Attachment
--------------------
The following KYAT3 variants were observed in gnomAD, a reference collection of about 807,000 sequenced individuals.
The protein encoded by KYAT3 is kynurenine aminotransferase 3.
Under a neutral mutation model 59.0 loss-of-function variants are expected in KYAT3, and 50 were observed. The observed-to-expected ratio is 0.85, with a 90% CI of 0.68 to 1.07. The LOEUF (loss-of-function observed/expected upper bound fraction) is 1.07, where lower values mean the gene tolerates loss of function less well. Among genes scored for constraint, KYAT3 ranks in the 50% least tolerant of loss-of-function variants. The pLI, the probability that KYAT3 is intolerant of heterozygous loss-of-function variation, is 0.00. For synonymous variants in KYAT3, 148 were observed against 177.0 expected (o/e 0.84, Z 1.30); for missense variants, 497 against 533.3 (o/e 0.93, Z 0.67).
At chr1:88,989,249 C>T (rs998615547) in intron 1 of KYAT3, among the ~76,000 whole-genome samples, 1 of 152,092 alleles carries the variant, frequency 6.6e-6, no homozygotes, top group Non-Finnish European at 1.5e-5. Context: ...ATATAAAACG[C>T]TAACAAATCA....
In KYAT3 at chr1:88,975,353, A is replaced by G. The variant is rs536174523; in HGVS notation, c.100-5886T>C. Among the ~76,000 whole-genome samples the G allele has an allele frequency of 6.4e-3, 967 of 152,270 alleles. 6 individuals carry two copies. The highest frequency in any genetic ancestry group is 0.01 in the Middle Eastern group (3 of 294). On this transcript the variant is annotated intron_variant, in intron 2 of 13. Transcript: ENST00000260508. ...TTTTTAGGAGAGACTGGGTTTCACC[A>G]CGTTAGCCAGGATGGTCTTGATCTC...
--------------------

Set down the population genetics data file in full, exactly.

The following KYAT3 variants were observed in gnomAD, a reference collection of about 807,000 sequenced individuals.
The protein encoded by KYAT3 is kynurenine aminotransferase 3.
Under a neutral mutation model 59.0 loss-of-function variants are expected in KYAT3, and 50 were observed. The observed-to-expected ratio is 0.85, with a 90% CI of 0.68 to 1.07. The LOEUF (loss-of-function observed/expected upper bound fraction) is 1.07, where lower values mean the gene tolerates loss of function less well. Among genes scored for constraint, KYAT3 ranks in the 50% least tolerant of loss-of-function variants. The pLI, the probability that KYAT3 is intolerant of heterozygous loss-of-function variation, is 0.00. For synonymous variants in KYAT3, 148 were observed against 177.0 expected (o/e 0.84, Z 1.30); for missense variants, 497 against 533.3 (o/e 0.93, Z 0.67).
At chr1:88,989,249 C>T (rs998615547) in intron 1 of KYAT3, among the ~76,000 whole-genome samples, 1 of 152,092 alleles carries the variant, frequency 6.6e-6, no homozygotes, top group Non-Finnish European at 1.5e-5. Context: ...ATATAAAACG[C>T]TAACAAATCA....
In KYAT3 at chr1:88,975,353, A is replaced by G. The variant is rs536174523; in HGVS notation, c.100-5886T>C. Among the ~76,000 whole-genome samples the G allele has an allele frequency of 6.4e-3, 967 of 152,270 alleles. 6 individuals carry two copies. The highest frequency in any genetic ancestry group is 0.01 in the Middle Eastern group (3 of 294). On this transcript the variant is annotated intron_variant, in intron 2 of 13. Transcript: ENST00000260508. ...TTTTTAGGAGAGACTGGGTTTCACC[A>G]CGTTAGCCAGGATGGTCTTGATCTC...